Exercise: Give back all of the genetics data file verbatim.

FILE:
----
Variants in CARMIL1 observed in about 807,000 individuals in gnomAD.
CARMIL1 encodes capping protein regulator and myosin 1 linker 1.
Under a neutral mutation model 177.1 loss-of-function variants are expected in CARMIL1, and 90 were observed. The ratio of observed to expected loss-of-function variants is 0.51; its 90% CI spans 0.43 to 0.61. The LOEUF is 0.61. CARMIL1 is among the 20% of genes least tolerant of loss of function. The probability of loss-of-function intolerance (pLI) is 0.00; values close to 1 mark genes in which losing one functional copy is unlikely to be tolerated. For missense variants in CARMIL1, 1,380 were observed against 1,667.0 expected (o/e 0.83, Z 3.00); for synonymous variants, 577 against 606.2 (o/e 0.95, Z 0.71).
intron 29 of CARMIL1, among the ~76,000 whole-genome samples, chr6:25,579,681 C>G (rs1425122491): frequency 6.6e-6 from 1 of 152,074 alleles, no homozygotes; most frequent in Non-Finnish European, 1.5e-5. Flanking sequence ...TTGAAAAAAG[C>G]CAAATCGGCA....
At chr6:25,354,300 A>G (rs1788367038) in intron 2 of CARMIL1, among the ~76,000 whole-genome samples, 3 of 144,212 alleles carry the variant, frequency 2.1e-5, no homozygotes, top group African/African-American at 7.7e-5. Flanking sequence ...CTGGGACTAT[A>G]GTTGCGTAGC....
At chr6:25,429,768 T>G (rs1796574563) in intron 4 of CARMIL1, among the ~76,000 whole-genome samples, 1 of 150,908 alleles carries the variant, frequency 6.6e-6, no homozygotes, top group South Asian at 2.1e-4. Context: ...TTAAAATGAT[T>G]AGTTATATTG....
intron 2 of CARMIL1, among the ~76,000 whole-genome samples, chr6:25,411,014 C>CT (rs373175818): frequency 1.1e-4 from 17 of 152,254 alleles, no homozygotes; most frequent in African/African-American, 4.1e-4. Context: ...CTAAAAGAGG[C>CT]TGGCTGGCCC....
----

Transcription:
Variants in CARMIL1 observed in about 807,000 individuals in gnomAD.
CARMIL1 encodes capping protein regulator and myosin 1 linker 1.
Under a neutral mutation model 177.1 loss-of-function variants are expected in CARMIL1, and 90 were observed. The ratio of observed to expected loss-of-function variants is 0.51; its 90% CI spans 0.43 to 0.61. The LOEUF is 0.61. CARMIL1 is among the 20% of genes least tolerant of loss of function. The probability of loss-of-function intolerance (pLI) is 0.00; values close to 1 mark genes in which losing one functional copy is unlikely to be tolerated. For missense variants in CARMIL1, 1,380 were observed against 1,667.0 expected (o/e 0.83, Z 3.00); for synonymous variants, 577 against 606.2 (o/e 0.95, Z 0.71).
intron 29 of CARMIL1, among the ~76,000 whole-genome samples, chr6:25,579,681 C>G (rs1425122491): frequency 6.6e-6 from 1 of 152,074 alleles, no homozygotes; most frequent in Non-Finnish European, 1.5e-5. Flanking sequence ...TTGAAAAAAG[C>G]CAAATCGGCA....
At chr6:25,354,300 A>G (rs1788367038) in intron 2 of CARMIL1, among the ~76,000 whole-genome samples, 3 of 144,212 alleles carry the variant, frequency 2.1e-5, no homozygotes, top group African/African-American at 7.7e-5. Flanking sequence ...CTGGGACTAT[A>G]GTTGCGTAGC....
At chr6:25,429,768 T>G (rs1796574563) in intron 4 of CARMIL1, among the ~76,000 whole-genome samples, 1 of 150,908 alleles carries the variant, frequency 6.6e-6, no homozygotes, top group South Asian at 2.1e-4. Context: ...TTAAAATGAT[T>G]AGTTATATTG....
intron 2 of CARMIL1, among the ~76,000 whole-genome samples, chr6:25,411,014 C>CT (rs373175818): frequency 1.1e-4 from 17 of 152,254 alleles, no homozygotes; most frequent in African/African-American, 4.1e-4. Context: ...CTAAAAGAGG[C>CT]TGGCTGGCCC....